Peter
Peter Campbell Smith

Imaginaries and the daily grind

Weekly challenge 178 — 15 August 2022

Week 178 - 15 Aug 2022

Task 1

Task — Quater-imaginary base

Write a script to convert a given number base 10 to quater-imaginary base and vice-versa. For more information, please see this Wikipedia page.

In summary, quater-imaginary base is base 2i or sqrt(-4).

Examples


Example 1:
$base_10 = 4
$quater_imaginary_base = 10300
as that is 1 x (2i)4 + 3 x (2i)2, which is  8 - 4 = 4

Analysis

Quater-imaginary base numbers - henceforth qibs - are numbers written in the base 2i. For the purposes of the blog I am going to show qibs in red, for example 301.1. Note that the digits of a qib can only be 0, 1, 2 or 3.

So, for example:

123 = 1 x (2i)^2 + 2 x 2i + 3 = - 4 + 4i + 3 = -1 + 4i

I thought at first that I could just translate the Wikipedia explanation into Perl, but that turned out quite tricky. I also though about using Math::Complex, but decided - probably wrongly - that it wasn't worth the effort of relearning its rather unfamiliar syntax.

So I wrote my own functions to_qib and from_qib. It wasn't that hard, though perhaps not as much fun as I might have hoped. I confined myself to complex numbers with integer coefficients, which means the qibs either end in .0 or .2.

The length of qibs increases quite rapidly and my rather clunky way of adding them means that my code won't handle them over 18 digits before the point - but a little tweaking could probably cure that.

Try it 

Try running the script with any input - you can enter either a base 10 integer or a qib or both:


+ i
example: 42 or 42 - 21i or 84i



example: 10330

Script


#!/usr/bin/perl

# Peter Campbell Smith - 2022-08-15
# PWC 178 task 1

use v5.26;
use utf8;
use warnings;
use POSIX 'floor';

my (@tests, $test, $real_part, $imag_part, $result, $real, $imag, $qib);

@tests = ([5, 0], [0, 5], [4, 6], [35, 23], [-7, -10], [52, -77], [-1, 4]);
#          5       5i      4+6i    35+23i    -7-10i     52-77i     -1+4i

for $test (@tests) {
    $qib = to_qib(@$test);
    $result = from_qib($qib);
    say '';
}

sub to_qib {
    
    # converts a complex number with integer coefficients to a quater-imaginary base number
    
    my ($real, $imag, $real_part, $imag_part, $result);
    
    ($real, $imag) = @_;
    
    # convert real part and -2 x imag part to qib numbers
    $real_part = quater_imag($real) . '.0';
    $imag_part = quater_imag(-$imag * 2);
    
    # right shift the imag part (so dividing it by 2i)
    $imag_part =~ m|(.*)(.)|;
    $imag_part = qq[$1.$2]; 
    
    # add the real and imag parts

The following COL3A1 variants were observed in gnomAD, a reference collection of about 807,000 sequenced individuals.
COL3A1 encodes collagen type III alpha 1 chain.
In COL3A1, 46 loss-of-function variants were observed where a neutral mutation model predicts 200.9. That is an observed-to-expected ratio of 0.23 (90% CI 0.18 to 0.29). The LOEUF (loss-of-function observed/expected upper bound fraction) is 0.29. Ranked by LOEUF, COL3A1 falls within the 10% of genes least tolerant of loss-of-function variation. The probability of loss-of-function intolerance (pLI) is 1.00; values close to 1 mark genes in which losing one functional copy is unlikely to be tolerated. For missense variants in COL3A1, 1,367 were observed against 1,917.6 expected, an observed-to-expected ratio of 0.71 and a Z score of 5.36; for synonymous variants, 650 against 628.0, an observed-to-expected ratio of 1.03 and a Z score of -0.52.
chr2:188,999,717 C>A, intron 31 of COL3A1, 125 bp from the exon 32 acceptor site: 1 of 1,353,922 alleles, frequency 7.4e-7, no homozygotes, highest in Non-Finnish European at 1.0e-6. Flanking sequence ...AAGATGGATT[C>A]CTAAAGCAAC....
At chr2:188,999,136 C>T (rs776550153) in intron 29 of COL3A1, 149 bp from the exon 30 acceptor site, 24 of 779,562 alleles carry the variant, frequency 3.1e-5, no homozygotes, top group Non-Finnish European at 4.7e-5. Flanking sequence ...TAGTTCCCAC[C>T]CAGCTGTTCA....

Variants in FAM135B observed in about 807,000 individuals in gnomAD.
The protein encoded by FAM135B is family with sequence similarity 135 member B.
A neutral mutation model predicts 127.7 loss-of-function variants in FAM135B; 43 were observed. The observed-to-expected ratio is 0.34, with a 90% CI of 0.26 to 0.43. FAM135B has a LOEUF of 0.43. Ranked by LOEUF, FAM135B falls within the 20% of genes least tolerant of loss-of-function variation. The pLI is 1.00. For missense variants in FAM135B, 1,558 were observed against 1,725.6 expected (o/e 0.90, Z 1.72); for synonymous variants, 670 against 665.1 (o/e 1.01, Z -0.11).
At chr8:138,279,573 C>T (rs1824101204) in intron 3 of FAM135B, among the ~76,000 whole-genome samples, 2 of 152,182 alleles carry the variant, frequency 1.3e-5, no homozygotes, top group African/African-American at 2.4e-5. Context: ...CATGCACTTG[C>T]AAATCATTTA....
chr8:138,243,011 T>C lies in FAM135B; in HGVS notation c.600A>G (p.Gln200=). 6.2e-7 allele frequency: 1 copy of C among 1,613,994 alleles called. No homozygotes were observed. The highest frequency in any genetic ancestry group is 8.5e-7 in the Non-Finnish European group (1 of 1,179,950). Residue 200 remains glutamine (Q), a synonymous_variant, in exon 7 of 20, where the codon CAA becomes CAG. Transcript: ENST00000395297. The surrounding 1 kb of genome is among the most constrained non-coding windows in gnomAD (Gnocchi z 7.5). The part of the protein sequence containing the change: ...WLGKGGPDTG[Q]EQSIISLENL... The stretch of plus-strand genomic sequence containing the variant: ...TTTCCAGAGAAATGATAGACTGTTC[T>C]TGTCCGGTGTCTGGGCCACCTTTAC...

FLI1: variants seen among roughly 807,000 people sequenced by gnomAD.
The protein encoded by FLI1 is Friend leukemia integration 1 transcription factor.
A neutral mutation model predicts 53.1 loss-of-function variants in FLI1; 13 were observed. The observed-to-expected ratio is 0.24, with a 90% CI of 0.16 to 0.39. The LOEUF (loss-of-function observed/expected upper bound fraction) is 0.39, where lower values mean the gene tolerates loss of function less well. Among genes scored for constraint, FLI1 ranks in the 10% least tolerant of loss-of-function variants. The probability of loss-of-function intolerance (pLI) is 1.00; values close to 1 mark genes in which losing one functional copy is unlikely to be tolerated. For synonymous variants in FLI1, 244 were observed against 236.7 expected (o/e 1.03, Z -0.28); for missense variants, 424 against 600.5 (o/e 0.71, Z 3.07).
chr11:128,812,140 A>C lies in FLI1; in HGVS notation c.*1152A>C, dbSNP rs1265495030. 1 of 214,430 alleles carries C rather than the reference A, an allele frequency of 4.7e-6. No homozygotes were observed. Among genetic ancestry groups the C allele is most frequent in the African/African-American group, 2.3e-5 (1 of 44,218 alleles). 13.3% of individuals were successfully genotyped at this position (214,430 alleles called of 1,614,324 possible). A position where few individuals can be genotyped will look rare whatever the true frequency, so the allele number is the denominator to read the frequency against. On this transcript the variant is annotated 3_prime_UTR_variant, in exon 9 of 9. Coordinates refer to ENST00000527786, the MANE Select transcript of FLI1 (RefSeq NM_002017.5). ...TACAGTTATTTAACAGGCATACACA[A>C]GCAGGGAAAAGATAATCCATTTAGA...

$result = quater_add($real_part, $imag_part);
    say qq[$real + ${imag}i = [$result]2i];
    return $result;
}
    
sub from_qib {
    
    # converts a quater-imaginary base number to a complex number with integer coefficients

    my ($qib, @digits, $real, $imag, $real_mult, $imag_mult, $hold, $digit);

    $qib = $_[0];
    
    # put the digits into an array
    @digits = split(//, $qib);
    
    # loop over the digits from least significant upwards
    $imag = 0;
    $real = 0;
    $real_mult = 0;     # these are the contributions of the digit after the point
    $imag_mult = -0.5;
    for $digit (reverse @digits) {
        next if $digit eq '.';
        
        # add the (decimal) values of the digits to the answer
        $real += $real_mult * $digit;
        $imag += $imag_mult * $digit;
        
        # and get the real and imag contributions from the next digit
        $hold = $real_mult;
        $real_mult = -2 * $imag_mult;
        $imag_mult = 2 * $hold;
    }
    say qq[[$qib]2i = $real + ${imag}i];
}

sub quater_imag {
    
    # converts a real decimal number to a qib
    
    my ($number, $answer, $quotient, $remainder);
    
    # apply the 'Another conversion method' from Wikipedia
    $number = $_[0];
    $answer = '';
    
    # each division step contributes a remainder (0..3) and a following zero
    while (1) {
        ($quotient, $remainder) = div_minus4($number);
        $answer = $remainder . '0' . $answer;
        $number = $quotient;
        last unless $number != 0;
    }
    
    # remove the trailing zero
    return substr($answer, 0, -1);
}

sub div_minus4 {  

    # divides argument by -4 such that the remainder is always +ve
    
    my ($dividend, $quotient, $remainder);
    
    $dividend = $_[0];
    $quotient = -floor($dividend / 4);
    $remainder = $dividend + 4 * $quotient;
    return ($quotient, $remainder);
}

sub quater_add {
    
    # adds 2 qib numbers of which the first is real and the second is imaginary
    # both have one digit after the point
    
    my ($real, $imag, $result, $j);
    
    # left pad them with lots of zeroes so that corresponding digits are in the same place in the string
    ($real, $imag) = @_;
    $real = substr('00000000000000000000' . $real, -20);
    $imag = substr('00000000000000000000' . $imag, -20);
    
    # add them digit by digit
    for $j (0 .. 19) {
        if (substr($real, $j, 1) eq '.') {
            $result .= '.';
        } else {
            $result .= substr($real, $j, 1) + substr($imag, $j, 1);
        }
    }
    
    # get rid of the leading '0's
    $result =~ s|^0*||;
    return $result;
}
        

Output


Qibs are shown as [qib]2i

5 + 0i = [10301.0]2i
[10301.0]2i = 5 + 0i

0 + 5i = [30.2]2i
[30.2]2i = 0 + 5i

4 + 6i = [10330.0]2i
[10330.0]2i = 4 + 6i

35 + 23i = [121003.2]2i
[121003.2]2i = 35 + 23i

-7 + -10i = [2231.0]2i
[2231.0]2i = -7 + -10i

52 + -77i = [113202320.2]2i
[113202320.2]2i = 52 + -77i

-1 + 4i = [123.0]2i
[123.0]2i = -1 + 4i


The content of this website which has been created by
Peter Campbell Smith is hereby placed in the public domain